Google is rolling out a new mobile-first index over the coming months. The official announcement came at the beginning of November on Google's Webmaster Central Blog, although industry insiders have been speculating about the change for over a year. Google says that it is testing the mobile-first index, with the goal of switching to an index that uses the mobile version of a page’s content to serve all results. The process is still in an experimental phase, and the transition from desktop to full mobile indexing may occur slowly.
Google says that the new index is being developed in response to the way people use the web. Since more than half of all searches occur on a mobile device, Google believes it makes sense to crawl pages accordingly.
What is indexing?
Indexing is the way by which a search engine parses data, organizes it and stores it so that is easily retrievable. Google uses crawlers, most famously the Googlebot, to look at web pages and follow links to discover additional pages. During the crawling process, Google identifies the content on your pages and the structure of your website.
Google's index is where it stores the information the Googlebot has uncovered. The index contains what is essentially a copy of all crawled pages, formatted in a way that makes sense to Google's ranking algorithm. When someone performs a search, Google looks at its index to retrieve data and determine results, which is much faster and more efficient than analyzing unorganized pages across the web for every query.
Mobile vs desktop indexing
Until now, Google has served all results from its desktop index. This means that the Googlebot desktop crawler inspects the desktop version of a page and stores that version. Crawlers then look for mobile-friendly signals, and mobile results are adjusted accordingly, but a separate mobile index was not created.
In this scenario, when someone searches from any device, the results he or she sees are retrieved and ranked based on information in the desktop index. Even if the searcher is on a mobile phone, he or she sees a desktop-index-based result with a mobile-friendly marker.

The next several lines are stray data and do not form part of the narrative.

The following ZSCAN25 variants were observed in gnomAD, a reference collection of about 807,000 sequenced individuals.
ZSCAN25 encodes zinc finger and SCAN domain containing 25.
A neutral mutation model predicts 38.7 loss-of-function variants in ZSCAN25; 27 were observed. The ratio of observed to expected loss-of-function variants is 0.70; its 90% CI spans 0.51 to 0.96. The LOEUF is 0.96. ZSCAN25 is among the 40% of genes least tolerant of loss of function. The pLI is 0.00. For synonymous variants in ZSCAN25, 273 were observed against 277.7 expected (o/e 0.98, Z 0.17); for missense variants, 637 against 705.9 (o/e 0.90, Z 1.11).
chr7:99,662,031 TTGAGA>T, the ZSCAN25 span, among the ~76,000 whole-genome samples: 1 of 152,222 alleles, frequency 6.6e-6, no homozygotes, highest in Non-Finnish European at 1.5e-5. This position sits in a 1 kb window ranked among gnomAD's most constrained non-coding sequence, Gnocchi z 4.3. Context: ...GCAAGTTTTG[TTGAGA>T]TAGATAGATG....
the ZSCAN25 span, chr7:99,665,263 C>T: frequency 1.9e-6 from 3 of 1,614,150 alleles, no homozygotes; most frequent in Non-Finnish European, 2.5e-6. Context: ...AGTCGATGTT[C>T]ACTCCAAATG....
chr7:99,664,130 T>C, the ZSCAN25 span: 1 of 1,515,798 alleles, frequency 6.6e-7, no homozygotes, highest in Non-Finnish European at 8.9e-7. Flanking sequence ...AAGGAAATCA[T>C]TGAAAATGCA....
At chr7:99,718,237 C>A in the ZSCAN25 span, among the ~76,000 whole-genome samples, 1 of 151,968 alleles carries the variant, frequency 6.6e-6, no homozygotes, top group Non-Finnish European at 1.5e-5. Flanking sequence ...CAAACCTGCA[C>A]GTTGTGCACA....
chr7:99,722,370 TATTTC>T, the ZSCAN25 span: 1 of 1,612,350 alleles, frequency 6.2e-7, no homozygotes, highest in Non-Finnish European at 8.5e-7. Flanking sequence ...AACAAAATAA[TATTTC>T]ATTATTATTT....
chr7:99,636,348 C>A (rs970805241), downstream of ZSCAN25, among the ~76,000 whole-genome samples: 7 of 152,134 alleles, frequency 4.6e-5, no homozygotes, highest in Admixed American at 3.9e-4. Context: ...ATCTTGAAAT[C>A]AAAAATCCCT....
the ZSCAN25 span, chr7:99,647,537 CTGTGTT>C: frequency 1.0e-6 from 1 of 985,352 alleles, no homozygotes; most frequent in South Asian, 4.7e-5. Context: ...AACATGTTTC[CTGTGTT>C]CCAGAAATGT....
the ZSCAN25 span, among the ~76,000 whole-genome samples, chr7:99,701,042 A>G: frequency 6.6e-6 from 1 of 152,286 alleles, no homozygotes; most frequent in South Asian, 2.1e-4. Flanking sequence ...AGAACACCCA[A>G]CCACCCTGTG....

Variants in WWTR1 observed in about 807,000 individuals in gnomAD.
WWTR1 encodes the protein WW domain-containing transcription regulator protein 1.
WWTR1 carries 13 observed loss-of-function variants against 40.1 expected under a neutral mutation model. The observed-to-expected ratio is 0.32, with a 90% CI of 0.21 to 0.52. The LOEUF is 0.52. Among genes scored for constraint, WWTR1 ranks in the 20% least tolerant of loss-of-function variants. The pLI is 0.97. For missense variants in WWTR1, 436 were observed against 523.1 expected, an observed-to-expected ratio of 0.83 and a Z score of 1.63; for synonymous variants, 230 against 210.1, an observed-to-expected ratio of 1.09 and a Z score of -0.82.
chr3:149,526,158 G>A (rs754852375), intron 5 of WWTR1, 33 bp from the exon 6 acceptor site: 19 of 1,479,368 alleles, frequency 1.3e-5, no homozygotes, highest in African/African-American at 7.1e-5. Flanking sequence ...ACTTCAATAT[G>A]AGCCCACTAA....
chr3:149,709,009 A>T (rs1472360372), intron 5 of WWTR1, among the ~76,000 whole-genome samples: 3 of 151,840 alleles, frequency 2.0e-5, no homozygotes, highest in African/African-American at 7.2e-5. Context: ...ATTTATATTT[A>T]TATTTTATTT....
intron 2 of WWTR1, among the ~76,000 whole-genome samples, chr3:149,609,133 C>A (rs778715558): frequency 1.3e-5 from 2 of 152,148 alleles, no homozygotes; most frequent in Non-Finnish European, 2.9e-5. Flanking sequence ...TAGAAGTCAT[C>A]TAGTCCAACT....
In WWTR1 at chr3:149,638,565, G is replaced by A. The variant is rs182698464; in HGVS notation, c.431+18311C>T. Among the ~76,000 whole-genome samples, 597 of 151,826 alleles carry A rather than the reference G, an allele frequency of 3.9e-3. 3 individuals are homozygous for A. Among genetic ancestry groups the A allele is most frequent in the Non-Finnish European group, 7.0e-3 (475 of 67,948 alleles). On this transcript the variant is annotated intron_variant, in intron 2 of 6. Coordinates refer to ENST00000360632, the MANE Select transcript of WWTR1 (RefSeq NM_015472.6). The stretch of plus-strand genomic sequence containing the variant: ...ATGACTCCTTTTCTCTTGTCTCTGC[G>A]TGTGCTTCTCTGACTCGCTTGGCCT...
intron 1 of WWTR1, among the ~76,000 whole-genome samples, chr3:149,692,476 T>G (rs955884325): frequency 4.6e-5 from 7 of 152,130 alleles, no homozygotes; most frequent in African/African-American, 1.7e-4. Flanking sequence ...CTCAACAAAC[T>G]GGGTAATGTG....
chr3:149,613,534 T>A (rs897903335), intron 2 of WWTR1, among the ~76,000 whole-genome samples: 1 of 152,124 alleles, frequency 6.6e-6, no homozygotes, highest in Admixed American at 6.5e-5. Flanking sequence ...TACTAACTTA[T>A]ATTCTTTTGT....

This can lead to an issue that Google sees as bad user experience. Mobile pages are often stripped down versions of their desktop counterparts. Many mobile pages contain less content than desktop pages in an effort to show mobile users only the most critical information — or the website owner's best guess at what a mobile user wants to see.
When Google creates search results pages, it pulls from the desktop index to create the snippets users see on results page listings. In too many instances, the content used to create this snippet may not be available on a mobile version of the page. A searcher may click on the result from a smartphone only to find that the information he or she is looking for is not there. Google is pushing for a mobile-first web and looking for the most authoritative, useful pages to show searchers. In theory, if content is not useful enough to be on a mobile page, then perhaps that page is not the best authority on the topic of said content.
Will this affect rankings?
Understandably, many people are concerned about how the switch to a mobile-first index will affect rankings. Google claims ranking changes will be minimal.
In part, this is because the mobile-first index is not the same as a mobile-friendly ranking signal. A website can be in Google's mobile index without being mobile-friendly. Websites that are not mobile-friendly are already being docked, and the switch to a mobile-first index will have no bearing on that calculation. Mobile-friendliness signals are separate from the index.
To understand how rankings may be affected, it is instructive to look at three potential website scenarios: a responsive design, a separate mobile site and no mobile site.
Responsive design: Websites that use a responsive layout should remain largely unaffected, since the same pages and markup are being served from the same urls across devices. With a responsive layout, the mobile Googlebot will see (mostly) the same content as the desktop bot. If your site is responsive, be careful how much content you strip from the mobile layout. If necessary, hide content in tabs or drawers for a better user experience, but keep it available. Think: if the content is not important enough for a user to see it on a phone, does it need to be on a landing page at all?